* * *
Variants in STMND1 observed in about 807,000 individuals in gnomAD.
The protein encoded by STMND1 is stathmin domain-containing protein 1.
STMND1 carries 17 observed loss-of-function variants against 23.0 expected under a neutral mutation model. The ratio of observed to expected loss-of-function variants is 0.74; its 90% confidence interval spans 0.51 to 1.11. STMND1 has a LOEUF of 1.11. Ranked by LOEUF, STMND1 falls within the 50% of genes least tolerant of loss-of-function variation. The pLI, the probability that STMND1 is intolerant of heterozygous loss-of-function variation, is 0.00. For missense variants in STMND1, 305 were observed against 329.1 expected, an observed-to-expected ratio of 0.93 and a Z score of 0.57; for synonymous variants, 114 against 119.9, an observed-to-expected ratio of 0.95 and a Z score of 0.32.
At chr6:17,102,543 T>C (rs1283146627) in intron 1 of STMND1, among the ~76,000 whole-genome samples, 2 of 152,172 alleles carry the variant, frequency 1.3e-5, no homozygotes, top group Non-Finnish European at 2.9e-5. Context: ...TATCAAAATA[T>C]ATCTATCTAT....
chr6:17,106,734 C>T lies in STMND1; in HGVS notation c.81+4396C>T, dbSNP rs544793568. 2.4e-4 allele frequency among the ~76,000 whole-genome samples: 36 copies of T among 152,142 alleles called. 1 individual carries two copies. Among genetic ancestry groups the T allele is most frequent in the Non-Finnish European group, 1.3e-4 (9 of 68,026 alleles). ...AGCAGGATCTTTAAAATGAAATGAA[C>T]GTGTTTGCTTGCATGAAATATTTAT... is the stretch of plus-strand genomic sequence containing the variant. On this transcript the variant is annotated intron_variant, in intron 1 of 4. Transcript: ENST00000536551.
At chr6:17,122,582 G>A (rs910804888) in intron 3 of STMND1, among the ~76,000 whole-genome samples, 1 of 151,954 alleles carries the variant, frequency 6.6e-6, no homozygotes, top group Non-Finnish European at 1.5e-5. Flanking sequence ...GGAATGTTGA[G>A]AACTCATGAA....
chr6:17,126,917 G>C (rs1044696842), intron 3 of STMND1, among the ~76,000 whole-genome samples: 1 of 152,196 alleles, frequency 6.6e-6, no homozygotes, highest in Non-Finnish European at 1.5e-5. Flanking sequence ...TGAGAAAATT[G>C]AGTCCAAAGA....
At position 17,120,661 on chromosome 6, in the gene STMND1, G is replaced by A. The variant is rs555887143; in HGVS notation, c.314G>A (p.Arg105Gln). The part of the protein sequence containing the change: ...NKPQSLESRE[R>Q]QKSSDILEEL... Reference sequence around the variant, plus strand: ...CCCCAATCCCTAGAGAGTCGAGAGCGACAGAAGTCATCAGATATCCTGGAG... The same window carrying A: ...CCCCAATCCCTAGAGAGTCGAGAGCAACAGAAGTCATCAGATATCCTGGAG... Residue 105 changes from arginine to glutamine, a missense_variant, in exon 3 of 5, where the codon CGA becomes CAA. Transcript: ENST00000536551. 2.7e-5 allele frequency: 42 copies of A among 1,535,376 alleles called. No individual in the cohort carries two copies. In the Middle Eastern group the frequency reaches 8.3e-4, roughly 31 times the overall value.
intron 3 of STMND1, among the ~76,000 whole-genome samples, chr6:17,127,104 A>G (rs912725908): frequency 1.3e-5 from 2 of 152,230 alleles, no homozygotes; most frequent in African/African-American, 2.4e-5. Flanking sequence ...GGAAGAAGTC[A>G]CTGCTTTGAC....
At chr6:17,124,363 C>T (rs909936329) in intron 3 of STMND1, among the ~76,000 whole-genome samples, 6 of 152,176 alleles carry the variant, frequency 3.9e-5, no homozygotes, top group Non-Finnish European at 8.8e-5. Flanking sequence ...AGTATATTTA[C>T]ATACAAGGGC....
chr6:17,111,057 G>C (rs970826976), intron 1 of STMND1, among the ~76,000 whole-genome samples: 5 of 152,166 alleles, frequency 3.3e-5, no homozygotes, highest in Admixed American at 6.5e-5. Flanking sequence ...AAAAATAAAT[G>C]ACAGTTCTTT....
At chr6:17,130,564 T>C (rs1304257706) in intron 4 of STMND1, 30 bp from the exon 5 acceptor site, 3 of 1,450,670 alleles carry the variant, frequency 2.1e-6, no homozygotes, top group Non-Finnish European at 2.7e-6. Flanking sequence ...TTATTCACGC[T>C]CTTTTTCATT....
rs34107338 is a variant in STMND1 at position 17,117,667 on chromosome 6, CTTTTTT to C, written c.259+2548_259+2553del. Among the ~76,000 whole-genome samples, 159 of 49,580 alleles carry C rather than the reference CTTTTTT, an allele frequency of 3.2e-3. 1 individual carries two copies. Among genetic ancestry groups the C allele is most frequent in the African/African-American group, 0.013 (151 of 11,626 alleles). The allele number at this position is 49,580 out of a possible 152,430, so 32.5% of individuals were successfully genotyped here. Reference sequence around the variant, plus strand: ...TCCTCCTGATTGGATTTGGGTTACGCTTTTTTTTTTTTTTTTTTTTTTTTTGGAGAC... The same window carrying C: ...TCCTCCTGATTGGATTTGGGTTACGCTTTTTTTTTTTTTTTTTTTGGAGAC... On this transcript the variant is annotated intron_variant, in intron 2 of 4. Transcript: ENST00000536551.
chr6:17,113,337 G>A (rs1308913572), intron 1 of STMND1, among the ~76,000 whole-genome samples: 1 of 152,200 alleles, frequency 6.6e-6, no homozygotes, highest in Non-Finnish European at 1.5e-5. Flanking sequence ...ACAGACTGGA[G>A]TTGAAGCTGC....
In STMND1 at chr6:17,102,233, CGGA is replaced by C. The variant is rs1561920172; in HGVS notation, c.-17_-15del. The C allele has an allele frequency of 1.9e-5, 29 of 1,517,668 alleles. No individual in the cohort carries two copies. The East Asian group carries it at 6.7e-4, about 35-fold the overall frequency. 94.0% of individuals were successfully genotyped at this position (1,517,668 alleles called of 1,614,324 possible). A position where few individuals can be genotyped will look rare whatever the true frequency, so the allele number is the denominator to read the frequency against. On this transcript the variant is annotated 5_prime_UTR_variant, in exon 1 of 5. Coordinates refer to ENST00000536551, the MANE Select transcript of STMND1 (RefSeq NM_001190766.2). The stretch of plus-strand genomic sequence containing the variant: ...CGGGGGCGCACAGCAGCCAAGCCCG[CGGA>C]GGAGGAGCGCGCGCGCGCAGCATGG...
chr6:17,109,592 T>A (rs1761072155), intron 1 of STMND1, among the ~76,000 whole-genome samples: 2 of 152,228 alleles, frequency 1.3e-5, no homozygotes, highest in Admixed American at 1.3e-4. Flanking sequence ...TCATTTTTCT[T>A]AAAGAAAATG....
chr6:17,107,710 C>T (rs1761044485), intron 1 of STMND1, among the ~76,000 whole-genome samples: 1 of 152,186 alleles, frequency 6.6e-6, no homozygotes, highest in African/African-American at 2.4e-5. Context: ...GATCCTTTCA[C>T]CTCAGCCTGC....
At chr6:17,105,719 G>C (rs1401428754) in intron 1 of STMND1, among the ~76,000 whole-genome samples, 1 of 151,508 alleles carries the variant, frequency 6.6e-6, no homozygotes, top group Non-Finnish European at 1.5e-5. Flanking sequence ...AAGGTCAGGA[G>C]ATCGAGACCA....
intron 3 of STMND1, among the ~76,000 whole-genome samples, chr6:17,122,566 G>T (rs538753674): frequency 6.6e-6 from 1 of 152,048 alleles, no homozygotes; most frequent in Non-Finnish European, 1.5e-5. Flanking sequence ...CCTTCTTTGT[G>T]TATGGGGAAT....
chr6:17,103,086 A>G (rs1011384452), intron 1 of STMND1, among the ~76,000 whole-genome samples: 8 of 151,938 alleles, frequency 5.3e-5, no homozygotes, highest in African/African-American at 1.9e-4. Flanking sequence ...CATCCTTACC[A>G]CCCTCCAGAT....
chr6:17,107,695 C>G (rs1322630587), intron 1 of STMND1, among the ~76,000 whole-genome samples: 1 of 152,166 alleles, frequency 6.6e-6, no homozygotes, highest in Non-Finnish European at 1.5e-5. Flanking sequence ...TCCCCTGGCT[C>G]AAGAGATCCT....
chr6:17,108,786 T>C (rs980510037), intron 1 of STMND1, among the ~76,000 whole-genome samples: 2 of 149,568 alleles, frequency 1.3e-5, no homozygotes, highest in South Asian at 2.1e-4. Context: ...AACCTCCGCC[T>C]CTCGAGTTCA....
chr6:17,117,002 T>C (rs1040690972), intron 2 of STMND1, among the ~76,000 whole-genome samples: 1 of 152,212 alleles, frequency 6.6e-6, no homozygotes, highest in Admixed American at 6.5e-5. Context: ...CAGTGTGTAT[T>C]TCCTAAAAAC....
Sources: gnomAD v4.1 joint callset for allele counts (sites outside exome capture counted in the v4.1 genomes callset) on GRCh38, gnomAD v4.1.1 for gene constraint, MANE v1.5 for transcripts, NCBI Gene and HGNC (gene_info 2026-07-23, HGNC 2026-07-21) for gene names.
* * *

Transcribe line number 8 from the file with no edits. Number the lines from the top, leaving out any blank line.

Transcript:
At position 17,120,661 on chromosome 6, in the gene STMND1, G is replaced by A. The variant is rs555887143; in HGVS notation, c.314G>A (p.Arg105Gln). The part of the protein sequence containing the change: ...NKPQSLESRE[R>Q]QKSSDILEEL... Reference sequence around the variant, plus strand: ...CCCCAATCCCTAGAGAGTCGAGAGCGACAGAAGTCATCAGATATCCTGGAG... The same window carrying A: ...CCCCAATCCCTAGAGAGTCGAGAGCAACAGAAGTCATCAGATATCCTGGAG... Residue 105 changes from arginine to glutamine, a missense_variant, in exon 3 of 5, where the codon CGA becomes CAA. Transcript: ENST00000536551. 2.7e-5 allele frequency: 42 copies of A among 1,535,376 alleles called. No individual in the cohort carries two copies. In the Middle Eastern group the frequency reaches 8.3e-4, roughly 31 times the overall value.